Mexican senators approved a proposal ("dictamen de ley") that would require federal authorities to investigate, prosecute, and punish crimes against journalists or any attacks affecting the rights to access of information, freedom of expression or of the press, according to a statement from the Senate.
Three Guatemalan journalists were assaulted by prison guards while investigating prison conditions, reported the newspaper Prensa Libre on Wednesday, Feb. 29.
A team of television journalists from Globovisión in Venezuela was threatened while covering attacks by supporters of President Hugo Hugo Chavez against opposition candidate Henrique Caprilles Radonski in Cotiza, a neighborhood in the capital city of Caracas, according to Globovisión.
A Chilean journalist was attacked by police while taking photos of a demonstration in support of residents of the region of Aysén in Santiago on Friday, Feb. 24, according to the Corporation of Promotion and Defense of the People's Rights (CODEPU in Spanish).
Unknown assailants beat a Mexican political journalist on Thursday, Feb. 23, in the city of Mexicali, located in northeastern Mexico along the Californian border, reported the Program for Freedom of Expression (Libex).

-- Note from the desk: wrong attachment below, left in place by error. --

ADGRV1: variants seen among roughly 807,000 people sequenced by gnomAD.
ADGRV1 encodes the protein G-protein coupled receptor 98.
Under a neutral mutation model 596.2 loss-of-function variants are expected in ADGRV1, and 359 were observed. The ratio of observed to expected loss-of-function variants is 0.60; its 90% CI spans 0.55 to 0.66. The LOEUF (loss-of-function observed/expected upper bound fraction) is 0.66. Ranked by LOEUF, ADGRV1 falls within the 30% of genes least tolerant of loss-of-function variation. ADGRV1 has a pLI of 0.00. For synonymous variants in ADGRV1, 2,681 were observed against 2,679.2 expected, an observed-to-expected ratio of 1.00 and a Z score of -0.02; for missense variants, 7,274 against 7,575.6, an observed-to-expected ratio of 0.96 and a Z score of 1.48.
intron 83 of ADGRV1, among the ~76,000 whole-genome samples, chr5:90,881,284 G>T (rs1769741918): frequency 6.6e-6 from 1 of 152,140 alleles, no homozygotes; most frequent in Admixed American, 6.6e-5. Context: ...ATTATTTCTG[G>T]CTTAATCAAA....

A reporter denounced aggression by the president of the local city council of Matozinhos, in the state of Minas Gerais in southeastern Brazil, after a meeting on Monday, Feb. 27, in which the council approved a 34 percent hike in members' salaries, reported the newspaper Folha de S. Paulo.
Bolivia's National Press Association (ANP in Spanish) documented 200 cases of aggression against journalists in Bolivia in 2011, reported the news website Clases de Periodismo.
Three journalists from a local television channel in Honduras received death threats for covering the prision fire which killed 350 inmates Feb. 14 in the city of Comayagua, in central Honduras, reported the Committee for Free Expression (C-Libre in Spanish).
As presidential elections in Venezuela approach, President Hugo Chavez on Saturday, March 24, criticized the alleged assaults on journalists of the state-run National System of Public Media committed by supporters of the opposition, according to the website for the Venezuelan National Assembly.
To avoid police aggression, reporters in Ciudad Juárez, Mexico, work in groups when covering seizures, arrests and any other crime in this city on the U.S-Mexico border, now considered the second most violent in the world after spending three years in first place. “While one person speaks with officials, others are ready with their cameras to make public any incidents of aggression," explained Alfredo Quijano, editor of the local newspaper Norte, in an interview with the Knight Center for Journalism in the Americas.